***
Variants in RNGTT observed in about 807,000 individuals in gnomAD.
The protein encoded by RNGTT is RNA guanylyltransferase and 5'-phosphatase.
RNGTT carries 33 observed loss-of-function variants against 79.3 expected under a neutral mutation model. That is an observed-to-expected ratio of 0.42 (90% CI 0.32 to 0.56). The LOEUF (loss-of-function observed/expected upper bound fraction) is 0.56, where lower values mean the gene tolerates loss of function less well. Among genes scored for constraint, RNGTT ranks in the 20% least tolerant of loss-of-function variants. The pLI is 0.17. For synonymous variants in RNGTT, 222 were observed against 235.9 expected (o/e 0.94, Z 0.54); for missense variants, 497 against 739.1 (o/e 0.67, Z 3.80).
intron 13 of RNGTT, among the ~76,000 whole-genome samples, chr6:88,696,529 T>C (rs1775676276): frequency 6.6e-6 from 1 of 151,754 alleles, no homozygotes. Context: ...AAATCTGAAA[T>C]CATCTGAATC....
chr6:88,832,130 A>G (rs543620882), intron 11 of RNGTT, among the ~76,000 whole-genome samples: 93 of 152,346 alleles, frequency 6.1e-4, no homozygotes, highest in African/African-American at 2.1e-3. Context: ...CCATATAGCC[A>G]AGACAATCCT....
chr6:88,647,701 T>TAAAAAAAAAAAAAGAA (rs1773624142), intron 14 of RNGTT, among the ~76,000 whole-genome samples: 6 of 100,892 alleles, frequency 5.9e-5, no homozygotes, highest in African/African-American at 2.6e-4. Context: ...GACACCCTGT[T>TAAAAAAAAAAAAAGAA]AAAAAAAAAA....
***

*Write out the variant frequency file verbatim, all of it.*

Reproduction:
Variants in RNGTT observed in about 807,000 individuals in gnomAD.
The protein encoded by RNGTT is RNA guanylyltransferase and 5'-phosphatase.
RNGTT carries 33 observed loss-of-function variants against 79.3 expected under a neutral mutation model. That is an observed-to-expected ratio of 0.42 (90% CI 0.32 to 0.56). The LOEUF (loss-of-function observed/expected upper bound fraction) is 0.56, where lower values mean the gene tolerates loss of function less well. Among genes scored for constraint, RNGTT ranks in the 20% least tolerant of loss-of-function variants. The pLI is 0.17. For synonymous variants in RNGTT, 222 were observed against 235.9 expected (o/e 0.94, Z 0.54); for missense variants, 497 against 739.1 (o/e 0.67, Z 3.80).
intron 13 of RNGTT, among the ~76,000 whole-genome samples, chr6:88,696,529 T>C (rs1775676276): frequency 6.6e-6 from 1 of 151,754 alleles, no homozygotes. Context: ...AAATCTGAAA[T>C]CATCTGAATC....
chr6:88,832,130 A>G (rs543620882), intron 11 of RNGTT, among the ~76,000 whole-genome samples: 93 of 152,346 alleles, frequency 6.1e-4, no homozygotes, highest in African/African-American at 2.1e-3. Context: ...CCATATAGCC[A>G]AGACAATCCT....
chr6:88,647,701 T>TAAAAAAAAAAAAAGAA (rs1773624142), intron 14 of RNGTT, among the ~76,000 whole-genome samples: 6 of 100,892 alleles, frequency 5.9e-5, no homozygotes, highest in African/African-American at 2.6e-4. Context: ...GACACCCTGT[T>TAAAAAAAAAAAAAGAA]AAAAAAAAAA....